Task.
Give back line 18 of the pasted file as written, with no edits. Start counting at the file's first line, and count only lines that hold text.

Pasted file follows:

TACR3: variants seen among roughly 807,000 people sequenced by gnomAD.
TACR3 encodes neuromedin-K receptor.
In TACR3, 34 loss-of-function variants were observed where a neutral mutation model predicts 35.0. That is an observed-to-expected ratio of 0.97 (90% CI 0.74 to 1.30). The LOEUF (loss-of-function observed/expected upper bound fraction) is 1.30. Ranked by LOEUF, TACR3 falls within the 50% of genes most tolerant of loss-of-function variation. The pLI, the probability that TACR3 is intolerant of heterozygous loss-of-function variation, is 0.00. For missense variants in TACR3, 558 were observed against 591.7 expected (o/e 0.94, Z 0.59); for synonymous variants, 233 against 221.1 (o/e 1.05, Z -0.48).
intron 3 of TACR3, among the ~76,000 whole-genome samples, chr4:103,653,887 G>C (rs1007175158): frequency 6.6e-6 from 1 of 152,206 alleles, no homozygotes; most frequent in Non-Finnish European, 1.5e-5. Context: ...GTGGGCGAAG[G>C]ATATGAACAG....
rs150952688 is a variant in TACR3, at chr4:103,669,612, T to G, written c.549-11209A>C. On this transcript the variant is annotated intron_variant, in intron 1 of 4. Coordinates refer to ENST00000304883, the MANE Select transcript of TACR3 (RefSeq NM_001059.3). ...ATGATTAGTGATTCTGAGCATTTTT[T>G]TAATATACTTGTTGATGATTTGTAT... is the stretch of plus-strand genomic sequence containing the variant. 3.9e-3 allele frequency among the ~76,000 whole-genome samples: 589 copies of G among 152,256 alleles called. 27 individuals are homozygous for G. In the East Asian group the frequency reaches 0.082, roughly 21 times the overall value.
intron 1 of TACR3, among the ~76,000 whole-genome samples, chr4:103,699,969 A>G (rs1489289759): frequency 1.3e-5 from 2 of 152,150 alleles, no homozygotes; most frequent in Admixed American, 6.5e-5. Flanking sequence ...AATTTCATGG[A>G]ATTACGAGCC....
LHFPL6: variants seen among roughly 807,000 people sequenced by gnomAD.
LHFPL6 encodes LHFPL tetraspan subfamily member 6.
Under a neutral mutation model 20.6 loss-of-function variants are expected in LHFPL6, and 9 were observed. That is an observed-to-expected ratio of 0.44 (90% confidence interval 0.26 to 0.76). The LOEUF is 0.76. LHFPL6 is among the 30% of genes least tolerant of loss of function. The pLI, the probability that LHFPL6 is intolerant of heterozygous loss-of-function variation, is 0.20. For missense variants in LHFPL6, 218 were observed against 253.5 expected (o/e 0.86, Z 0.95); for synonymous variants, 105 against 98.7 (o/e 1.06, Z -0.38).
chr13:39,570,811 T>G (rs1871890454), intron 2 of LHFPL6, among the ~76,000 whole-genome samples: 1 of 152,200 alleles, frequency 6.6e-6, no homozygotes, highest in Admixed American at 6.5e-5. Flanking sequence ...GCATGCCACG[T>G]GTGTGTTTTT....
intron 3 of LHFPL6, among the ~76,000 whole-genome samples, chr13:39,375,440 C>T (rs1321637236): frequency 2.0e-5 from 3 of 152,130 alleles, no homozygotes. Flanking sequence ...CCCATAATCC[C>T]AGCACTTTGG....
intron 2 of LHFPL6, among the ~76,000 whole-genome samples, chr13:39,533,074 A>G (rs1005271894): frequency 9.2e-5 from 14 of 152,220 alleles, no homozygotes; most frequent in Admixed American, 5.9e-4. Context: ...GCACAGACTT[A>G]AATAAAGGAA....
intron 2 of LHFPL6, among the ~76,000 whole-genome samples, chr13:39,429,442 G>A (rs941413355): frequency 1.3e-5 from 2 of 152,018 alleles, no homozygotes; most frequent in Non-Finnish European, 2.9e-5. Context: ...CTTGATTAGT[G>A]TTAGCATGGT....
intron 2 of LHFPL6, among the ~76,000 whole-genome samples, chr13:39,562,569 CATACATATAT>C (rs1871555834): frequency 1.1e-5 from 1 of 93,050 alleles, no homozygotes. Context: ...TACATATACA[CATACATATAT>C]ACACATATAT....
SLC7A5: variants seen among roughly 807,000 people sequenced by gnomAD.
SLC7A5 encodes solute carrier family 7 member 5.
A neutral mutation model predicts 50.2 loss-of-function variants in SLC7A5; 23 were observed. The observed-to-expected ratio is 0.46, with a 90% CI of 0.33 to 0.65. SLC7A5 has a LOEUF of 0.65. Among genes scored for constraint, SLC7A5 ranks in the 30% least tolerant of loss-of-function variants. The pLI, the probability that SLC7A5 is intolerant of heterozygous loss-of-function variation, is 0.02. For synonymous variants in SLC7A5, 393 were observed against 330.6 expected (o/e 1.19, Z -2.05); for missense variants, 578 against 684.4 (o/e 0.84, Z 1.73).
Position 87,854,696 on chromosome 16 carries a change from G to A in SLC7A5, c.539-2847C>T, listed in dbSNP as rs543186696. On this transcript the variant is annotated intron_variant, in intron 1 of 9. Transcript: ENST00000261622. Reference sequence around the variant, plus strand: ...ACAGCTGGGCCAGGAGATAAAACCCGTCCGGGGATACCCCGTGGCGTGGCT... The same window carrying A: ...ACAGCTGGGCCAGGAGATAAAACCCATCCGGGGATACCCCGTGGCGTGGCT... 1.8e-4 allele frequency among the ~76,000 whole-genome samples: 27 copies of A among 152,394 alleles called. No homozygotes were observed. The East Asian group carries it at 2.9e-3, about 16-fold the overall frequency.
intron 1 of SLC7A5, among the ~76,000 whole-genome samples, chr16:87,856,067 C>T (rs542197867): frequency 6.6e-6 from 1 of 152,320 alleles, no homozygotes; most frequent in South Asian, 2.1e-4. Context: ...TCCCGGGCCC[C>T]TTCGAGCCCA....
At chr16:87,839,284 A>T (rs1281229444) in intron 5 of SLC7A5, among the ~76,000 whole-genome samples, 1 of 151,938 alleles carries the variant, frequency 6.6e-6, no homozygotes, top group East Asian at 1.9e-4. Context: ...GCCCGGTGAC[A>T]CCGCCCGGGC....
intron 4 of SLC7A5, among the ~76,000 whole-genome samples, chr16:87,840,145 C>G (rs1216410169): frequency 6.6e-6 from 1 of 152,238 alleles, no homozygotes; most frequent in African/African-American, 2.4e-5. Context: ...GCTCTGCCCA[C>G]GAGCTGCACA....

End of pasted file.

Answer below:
Position 87,854,696 on chromosome 16 carries a change from G to A in SLC7A5, c.539-2847C>T, listed in dbSNP as rs543186696. On this transcript the variant is annotated intron_variant, in intron 1 of 9. Transcript: ENST00000261622. Reference sequence around the variant, plus strand: ...ACAGCTGGGCCAGGAGATAAAACCCGTCCGGGGATACCCCGTGGCGTGGCT... The same window carrying A: ...ACAGCTGGGCCAGGAGATAAAACCCATCCGGGGATACCCCGTGGCGTGGCT... 1.8e-4 allele frequency among the ~76,000 whole-genome samples: 27 copies of A among 152,394 alleles called. No homozygotes were observed. The East Asian group carries it at 2.9e-3, about 16-fold the overall frequency.